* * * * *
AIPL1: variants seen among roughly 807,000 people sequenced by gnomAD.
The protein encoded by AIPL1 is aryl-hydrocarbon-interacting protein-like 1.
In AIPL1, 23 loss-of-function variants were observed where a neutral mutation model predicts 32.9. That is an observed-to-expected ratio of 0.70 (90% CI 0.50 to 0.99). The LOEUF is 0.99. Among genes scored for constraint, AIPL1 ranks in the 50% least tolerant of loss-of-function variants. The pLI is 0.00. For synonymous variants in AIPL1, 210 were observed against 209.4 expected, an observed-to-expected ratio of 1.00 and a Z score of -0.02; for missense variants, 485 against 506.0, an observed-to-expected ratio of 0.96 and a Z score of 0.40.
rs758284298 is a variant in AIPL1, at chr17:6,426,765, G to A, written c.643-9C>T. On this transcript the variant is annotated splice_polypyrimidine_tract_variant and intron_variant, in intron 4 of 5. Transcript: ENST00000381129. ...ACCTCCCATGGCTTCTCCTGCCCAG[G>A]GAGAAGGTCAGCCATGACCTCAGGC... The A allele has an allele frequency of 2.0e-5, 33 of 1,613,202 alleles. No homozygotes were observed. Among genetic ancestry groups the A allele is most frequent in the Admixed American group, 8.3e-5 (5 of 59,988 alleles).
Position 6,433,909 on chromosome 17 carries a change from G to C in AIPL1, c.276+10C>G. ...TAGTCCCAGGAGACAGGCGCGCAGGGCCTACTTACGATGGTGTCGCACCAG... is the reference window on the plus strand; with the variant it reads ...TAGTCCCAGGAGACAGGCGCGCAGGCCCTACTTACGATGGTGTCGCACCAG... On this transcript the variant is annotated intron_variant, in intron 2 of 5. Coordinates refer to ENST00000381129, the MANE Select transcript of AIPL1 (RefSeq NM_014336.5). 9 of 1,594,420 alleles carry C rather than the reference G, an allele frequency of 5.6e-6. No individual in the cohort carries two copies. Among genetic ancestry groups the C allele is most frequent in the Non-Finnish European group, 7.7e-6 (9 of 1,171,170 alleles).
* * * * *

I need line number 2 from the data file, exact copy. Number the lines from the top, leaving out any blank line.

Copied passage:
The protein encoded by AIPL1 is aryl-hydrocarbon-interacting protein-like 1.